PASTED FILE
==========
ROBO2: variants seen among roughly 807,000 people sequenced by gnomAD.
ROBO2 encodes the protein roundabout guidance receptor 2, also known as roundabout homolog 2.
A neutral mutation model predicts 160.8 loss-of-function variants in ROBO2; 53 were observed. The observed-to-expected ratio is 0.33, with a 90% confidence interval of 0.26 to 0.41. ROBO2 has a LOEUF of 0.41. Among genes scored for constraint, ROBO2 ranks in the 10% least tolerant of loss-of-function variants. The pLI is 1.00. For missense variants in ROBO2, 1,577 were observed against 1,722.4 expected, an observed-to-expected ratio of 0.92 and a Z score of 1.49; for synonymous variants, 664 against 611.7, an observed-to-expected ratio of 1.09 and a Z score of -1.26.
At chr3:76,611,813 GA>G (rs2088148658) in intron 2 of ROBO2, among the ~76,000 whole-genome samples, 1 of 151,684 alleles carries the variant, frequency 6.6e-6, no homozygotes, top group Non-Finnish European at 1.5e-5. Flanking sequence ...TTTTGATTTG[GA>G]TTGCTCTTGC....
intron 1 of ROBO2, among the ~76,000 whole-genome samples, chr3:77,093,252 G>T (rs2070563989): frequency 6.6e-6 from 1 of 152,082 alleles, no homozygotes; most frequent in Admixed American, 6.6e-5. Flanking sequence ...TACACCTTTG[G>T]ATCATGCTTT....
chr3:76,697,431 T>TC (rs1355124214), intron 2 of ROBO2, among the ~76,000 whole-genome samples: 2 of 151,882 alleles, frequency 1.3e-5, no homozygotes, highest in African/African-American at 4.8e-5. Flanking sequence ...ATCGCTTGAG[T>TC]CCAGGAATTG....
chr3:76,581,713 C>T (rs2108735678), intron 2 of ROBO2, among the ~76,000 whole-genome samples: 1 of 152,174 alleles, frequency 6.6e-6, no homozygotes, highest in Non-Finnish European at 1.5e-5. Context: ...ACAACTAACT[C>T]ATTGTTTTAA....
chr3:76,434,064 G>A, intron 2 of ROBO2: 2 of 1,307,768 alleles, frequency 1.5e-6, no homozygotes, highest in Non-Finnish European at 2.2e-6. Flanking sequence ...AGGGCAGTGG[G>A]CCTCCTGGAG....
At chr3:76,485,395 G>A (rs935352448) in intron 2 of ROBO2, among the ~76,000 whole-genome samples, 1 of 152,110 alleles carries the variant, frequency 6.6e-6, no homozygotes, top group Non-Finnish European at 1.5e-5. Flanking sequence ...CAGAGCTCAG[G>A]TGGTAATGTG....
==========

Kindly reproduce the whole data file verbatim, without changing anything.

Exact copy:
ROBO2: variants seen among roughly 807,000 people sequenced by gnomAD.
ROBO2 encodes the protein roundabout guidance receptor 2, also known as roundabout homolog 2.
A neutral mutation model predicts 160.8 loss-of-function variants in ROBO2; 53 were observed. The observed-to-expected ratio is 0.33, with a 90% confidence interval of 0.26 to 0.41. ROBO2 has a LOEUF of 0.41. Among genes scored for constraint, ROBO2 ranks in the 10% least tolerant of loss-of-function variants. The pLI is 1.00. For missense variants in ROBO2, 1,577 were observed against 1,722.4 expected, an observed-to-expected ratio of 0.92 and a Z score of 1.49; for synonymous variants, 664 against 611.7, an observed-to-expected ratio of 1.09 and a Z score of -1.26.
At chr3:76,611,813 GA>G (rs2088148658) in intron 2 of ROBO2, among the ~76,000 whole-genome samples, 1 of 151,684 alleles carries the variant, frequency 6.6e-6, no homozygotes, top group Non-Finnish European at 1.5e-5. Flanking sequence ...TTTTGATTTG[GA>G]TTGCTCTTGC....
intron 1 of ROBO2, among the ~76,000 whole-genome samples, chr3:77,093,252 G>T (rs2070563989): frequency 6.6e-6 from 1 of 152,082 alleles, no homozygotes; most frequent in Admixed American, 6.6e-5. Flanking sequence ...TACACCTTTG[G>T]ATCATGCTTT....
chr3:76,697,431 T>TC (rs1355124214), intron 2 of ROBO2, among the ~76,000 whole-genome samples: 2 of 151,882 alleles, frequency 1.3e-5, no homozygotes, highest in African/African-American at 4.8e-5. Flanking sequence ...ATCGCTTGAG[T>TC]CCAGGAATTG....
chr3:76,581,713 C>T (rs2108735678), intron 2 of ROBO2, among the ~76,000 whole-genome samples: 1 of 152,174 alleles, frequency 6.6e-6, no homozygotes, highest in Non-Finnish European at 1.5e-5. Context: ...ACAACTAACT[C>T]ATTGTTTTAA....
chr3:76,434,064 G>A, intron 2 of ROBO2: 2 of 1,307,768 alleles, frequency 1.5e-6, no homozygotes, highest in Non-Finnish European at 2.2e-6. Flanking sequence ...AGGGCAGTGG[G>A]CCTCCTGGAG....
At chr3:76,485,395 G>A (rs935352448) in intron 2 of ROBO2, among the ~76,000 whole-genome samples, 1 of 152,110 alleles carries the variant, frequency 6.6e-6, no homozygotes, top group Non-Finnish European at 1.5e-5. Flanking sequence ...CAGAGCTCAG[G>A]TGGTAATGTG....